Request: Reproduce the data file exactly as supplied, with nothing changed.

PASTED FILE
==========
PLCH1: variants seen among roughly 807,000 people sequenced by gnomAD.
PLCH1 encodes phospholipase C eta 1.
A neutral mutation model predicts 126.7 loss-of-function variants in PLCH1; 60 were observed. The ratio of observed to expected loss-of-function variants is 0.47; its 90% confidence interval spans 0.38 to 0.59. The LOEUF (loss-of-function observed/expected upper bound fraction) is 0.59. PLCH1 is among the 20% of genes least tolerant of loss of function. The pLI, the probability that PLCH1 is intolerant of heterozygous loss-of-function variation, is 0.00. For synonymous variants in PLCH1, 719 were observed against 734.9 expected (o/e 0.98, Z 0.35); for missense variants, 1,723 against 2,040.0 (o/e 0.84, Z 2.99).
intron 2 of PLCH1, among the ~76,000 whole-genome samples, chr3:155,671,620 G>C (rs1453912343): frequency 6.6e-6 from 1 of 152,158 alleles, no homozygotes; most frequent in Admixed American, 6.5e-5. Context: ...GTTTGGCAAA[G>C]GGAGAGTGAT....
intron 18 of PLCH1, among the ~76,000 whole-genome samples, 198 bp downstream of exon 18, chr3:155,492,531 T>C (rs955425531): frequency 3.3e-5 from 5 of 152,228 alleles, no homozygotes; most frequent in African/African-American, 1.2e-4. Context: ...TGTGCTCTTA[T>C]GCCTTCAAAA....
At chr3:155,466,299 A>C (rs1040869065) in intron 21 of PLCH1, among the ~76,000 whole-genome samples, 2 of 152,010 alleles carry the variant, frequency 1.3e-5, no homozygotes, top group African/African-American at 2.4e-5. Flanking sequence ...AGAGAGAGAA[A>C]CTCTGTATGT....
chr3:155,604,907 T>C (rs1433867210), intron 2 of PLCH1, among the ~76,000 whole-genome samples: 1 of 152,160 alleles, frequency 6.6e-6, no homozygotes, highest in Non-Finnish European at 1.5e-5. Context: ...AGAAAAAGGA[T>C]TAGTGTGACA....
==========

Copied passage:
PLCH1: variants seen among roughly 807,000 people sequenced by gnomAD.
PLCH1 encodes phospholipase C eta 1.
A neutral mutation model predicts 126.7 loss-of-function variants in PLCH1; 60 were observed. The ratio of observed to expected loss-of-function variants is 0.47; its 90% confidence interval spans 0.38 to 0.59. The LOEUF (loss-of-function observed/expected upper bound fraction) is 0.59. PLCH1 is among the 20% of genes least tolerant of loss of function. The pLI, the probability that PLCH1 is intolerant of heterozygous loss-of-function variation, is 0.00. For synonymous variants in PLCH1, 719 were observed against 734.9 expected (o/e 0.98, Z 0.35); for missense variants, 1,723 against 2,040.0 (o/e 0.84, Z 2.99).
intron 2 of PLCH1, among the ~76,000 whole-genome samples, chr3:155,671,620 G>C (rs1453912343): frequency 6.6e-6 from 1 of 152,158 alleles, no homozygotes; most frequent in Admixed American, 6.5e-5. Context: ...GTTTGGCAAA[G>C]GGAGAGTGAT....
intron 18 of PLCH1, among the ~76,000 whole-genome samples, 198 bp downstream of exon 18, chr3:155,492,531 T>C (rs955425531): frequency 3.3e-5 from 5 of 152,228 alleles, no homozygotes; most frequent in African/African-American, 1.2e-4. Context: ...TGTGCTCTTA[T>C]GCCTTCAAAA....
At chr3:155,466,299 A>C (rs1040869065) in intron 21 of PLCH1, among the ~76,000 whole-genome samples, 2 of 152,010 alleles carry the variant, frequency 1.3e-5, no homozygotes, top group African/African-American at 2.4e-5. Flanking sequence ...AGAGAGAGAA[A>C]CTCTGTATGT....
chr3:155,604,907 T>C (rs1433867210), intron 2 of PLCH1, among the ~76,000 whole-genome samples: 1 of 152,160 alleles, frequency 6.6e-6, no homozygotes, highest in Non-Finnish European at 1.5e-5. Context: ...AGAAAAAGGA[T>C]TAGTGTGACA....